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This is sort-of related to my sidelined study of graph algebra. I was thinking about data I could apply a first-order linear difference model to, and the stock market came to mind. After all, despite some black swan sized shocks, what better predicts a day’s closing than the previous day’s closing? So, I hunted down the data and graphed exactly that:

Isn’t that just lovely?  The tight clustering around the line indicates that we have found a very good linear fit.  How good?  Well, lets take a peek at our summary(model)

```Call:
lm(formula = close ~ open)

Residuals:
Min        1Q    Median        3Q       Max
-774.9914   -3.4477   -0.3122    3.2318  924.4627

Coefficients:
Estimate   Std. Error    t value  Pr(>|t|)
(Intercept) 0.4299070  0.4206543     1.022    0.307
open        1.0000351  0.0000954     10482.9  <2e-16***

Residual standard error: 49.74 on 20593 degrees of freedom
Multiple R-squared: 0.9998,     Adjusted R-squared: 0.9998
F-statistic: 1.099e+08 on 1 and 20593 DF,  p-value: < 2.2e-16
```

Whoa!  An R-squared of .9998.  In other words, my very simple model describes 99.98% of all the variation seen in the Dow Jones industrial Index days-end prices.  Show this to any statistician and they’d say that’s nearly impossible.  You’ve got to have some tautology in the model, some independent variable that is basically the same as the dependent variable.  And they’d be right.  However, the linear model is not my goal.  I don’t want to predict the progress of the Dow over a day.  I want to do it over a much longer term.  For that reason, I can look past their complaints and build the first-order linear difference model.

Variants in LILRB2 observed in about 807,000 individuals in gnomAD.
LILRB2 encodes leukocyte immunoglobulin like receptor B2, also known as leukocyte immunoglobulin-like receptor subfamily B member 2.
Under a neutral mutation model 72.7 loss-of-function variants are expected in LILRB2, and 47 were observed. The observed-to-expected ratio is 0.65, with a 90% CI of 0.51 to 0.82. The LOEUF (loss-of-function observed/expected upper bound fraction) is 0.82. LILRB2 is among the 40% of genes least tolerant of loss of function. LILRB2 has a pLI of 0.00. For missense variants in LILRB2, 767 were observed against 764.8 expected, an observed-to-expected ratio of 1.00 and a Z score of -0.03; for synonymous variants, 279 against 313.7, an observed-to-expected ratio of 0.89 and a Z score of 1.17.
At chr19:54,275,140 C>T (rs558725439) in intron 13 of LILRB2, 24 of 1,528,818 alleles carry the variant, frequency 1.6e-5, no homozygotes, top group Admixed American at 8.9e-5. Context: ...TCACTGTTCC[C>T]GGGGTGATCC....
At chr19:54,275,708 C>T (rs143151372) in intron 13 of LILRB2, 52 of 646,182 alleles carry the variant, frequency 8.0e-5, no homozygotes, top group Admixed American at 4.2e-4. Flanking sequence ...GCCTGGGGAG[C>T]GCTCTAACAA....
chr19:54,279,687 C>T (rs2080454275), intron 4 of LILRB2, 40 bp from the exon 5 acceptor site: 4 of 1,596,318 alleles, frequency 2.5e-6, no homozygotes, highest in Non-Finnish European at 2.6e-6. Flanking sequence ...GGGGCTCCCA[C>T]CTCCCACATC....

If we plot the function y(x) = 1.0000351(y(x-1)) + 0.4299070, the output is a little less than satisfying.  Here is that function over a scatterplot of Dow scores:

That looks pretty underwhelming.  In fact, it almost looks…linear.  Gross.  What happened?

First off, I assure you it is not the problem the aforementioned statisticians pointed out.  The real problem was that, though our slope was really convincing, it was also really close to 1.  Which means that it basically fell out of our equation, leaving y(x) = y(x-1) + .423.  If all we’re doing is adding .423 every iteration, we have in fact generated the linear equation y = .423x + .423.  That doesn’t tell me anything about the stock market!

Take home points:

• Data follows a law of diminishing returns.  Your second observation is worth a hell of a lot more than your hundredth.  And there does come a point in the model where more data will not only stop helping you, it will probably hurt you.  If we isolated a particular time period (like from Reagan onward to examine the effects of his policies on stock market behavior), then we could tell a lot more.
• A slope of 1 in a difference model is a very bad thing.  It means the model will inevitably be nearly useless.  Just use a linear regression or loess on the scatterplot and run with that.
• Just because it’s significant doesn’t mean it’s useful.  Don’t be seduced by the p-value or the R-squared of the linear model.  While they are impressive, the model was (nearly) tautological, so those otherwise jaw-dropping numbers were (nearly) inevitable.
• That said, the tautology doesn’t create the slope of 1.  Don’t be put off by statistical measures that aren’t in themselves terribly useful, like an r-squared of .9998 or p-value of 2.2e-16.
• In other words, though the linear difference model is dependent upon the linear model, the significance or usefulness of the former is entirely independent from that of the latter.

If you’re interested in running this yourself, the R code is here:

```df <- read.csv(file="http://nortalktoowise.110mb.com/code/datasets/DowJonesDay2Dayhistory.csv", head=TRUE, sep=",")
attach(df)
model <- lm(close ~ open)
plot(open, close, xlab="", ylab="", pch=19)
title(xlab="X", ylab="X(t+1)", main="Plot of the first differences", cex=1.5, col="black", font=2)
abline(model, lwd=2)
windows()

y2 <- 0
t <- 0
y1 <- .3
a <- model\$coefficients[[2]]
b <- model\$coefficients[[1]]
timeserieslength <- nrow(df)
for (i in 1:timeserieslength) {
y2[i] <- (a*y1[i])+b
t[i] <- i
if (i < timeserieslength) y1[i+1]=y2[i]}
plot(t, close, xlab="time", ylab="Dow Jones Industrial Index", main="DJIA over time, 1928-2010", pch=19)
lines(t, y2, lwd=2)```